While Dale Eaglesham is tackling the current "Prime Elements" arc, "Fantastic Four" #579 features pencils by the book's other artist, Neil Edwards. "This will be Neil's first issue back since #574, and he's very excited," Hickman stated. "He's was in New York at the Marvel artist retreat, and he came back feeling good and strong and I can't wait to see what Neil's going to do. I think he's going to bring it."

"Fantastic Four" #579 is a done-in-one issue, and throughout the Heroic Age, Hickman's tales of the Marvel U's First Family will be structured differently from most comics. "We're trying really hard not to do 'arcs' in the 'FF' anymore. There are natural storytelling conventions that are going to necessitate it, but #579 is a one-off and so is #580. Then there's a two-parter. Then a series of single issues that reach a culmination, which constitute something similar to a normal arc," Hickman explained. "We're trying to do a different kind of storytelling on the book. It's a rhythm thing. Sometimes it feels like as writers [that] we collectively write a bunch of books that aren't anything but chorus. There's no build, and we sure as hell aren't riffing. We stay in a continual state of building, but I think it's the contrast where the beautiful stuff happens. I think it's okay to do slice of life stories."

Another aspect of "Fantastic Four" in the Heroic Age is that the title characters will be regularly rubbing elbows with many characters from other Marvel titles. "One of the things that we wanted to do was make the Marvel Universe books about the Marvel Universe again. So, yeah, we're going to be seeing a lot of other heroes in 'Fantastic Four.' We've got a solid plan and lineup of characters that will show up," Hickman said. "The way I've structured everything leading up to issue #600 is, we started out kind of big and right now we sucked things in really tight. Then we'll have kind of a minor explosion halfway through. Then things calm down for a second before everything gets absolutely huge, and when things get really big with the Fantastic Four, they're Marvel Universe big. So, yeah, I think it's fair to say that plenty of people from other Marvel books are going to show up."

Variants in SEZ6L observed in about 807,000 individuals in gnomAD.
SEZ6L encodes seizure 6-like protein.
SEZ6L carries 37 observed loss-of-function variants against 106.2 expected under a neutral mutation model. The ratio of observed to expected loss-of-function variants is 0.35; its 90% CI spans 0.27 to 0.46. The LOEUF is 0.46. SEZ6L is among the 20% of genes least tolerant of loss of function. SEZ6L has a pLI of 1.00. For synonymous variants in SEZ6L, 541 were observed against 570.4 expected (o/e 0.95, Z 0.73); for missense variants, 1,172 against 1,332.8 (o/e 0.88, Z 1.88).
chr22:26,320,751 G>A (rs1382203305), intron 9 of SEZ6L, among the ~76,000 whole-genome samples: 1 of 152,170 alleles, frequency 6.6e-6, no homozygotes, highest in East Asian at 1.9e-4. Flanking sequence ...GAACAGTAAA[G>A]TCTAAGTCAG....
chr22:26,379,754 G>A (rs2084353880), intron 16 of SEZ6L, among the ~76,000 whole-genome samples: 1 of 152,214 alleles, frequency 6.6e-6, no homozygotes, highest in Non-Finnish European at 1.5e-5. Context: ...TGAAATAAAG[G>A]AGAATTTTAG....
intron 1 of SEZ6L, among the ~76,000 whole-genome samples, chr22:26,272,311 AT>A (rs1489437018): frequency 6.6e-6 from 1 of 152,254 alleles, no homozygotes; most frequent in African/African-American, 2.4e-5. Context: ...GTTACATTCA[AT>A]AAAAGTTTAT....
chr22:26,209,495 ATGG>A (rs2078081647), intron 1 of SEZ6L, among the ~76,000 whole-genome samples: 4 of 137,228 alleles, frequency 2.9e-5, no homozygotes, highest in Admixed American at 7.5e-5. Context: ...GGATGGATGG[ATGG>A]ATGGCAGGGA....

While there will be several new elements introduced to "Fantastic Four" when the Heroic Age begins, fans of the book need not worry - Hickman doesn't plan on changing any of the aspects of the book that fans have come to love, like the tone, dynamic, and direction of the series. If anything, those elements will be expanded and emphasized.

"There's no paradigm shift. There's no ideological change. There's no thematic departure when you're talking about the FF and the Heroic Age. It's time for an age of heroes, and this book is the perfect fit. We've got a pretty solid plan for where we are headed, and we're very excited with the book and how it's being received," the writer said. "We think we're on to something here. We've gotten a lot of good buzz, and hopefully that will correlate into selling a bunch of our trades when they hit and some more people picking up and trying the monthly."

Curse of the White Knight’s Azrael Just Stole Bane’s Iconic Move

More in Comics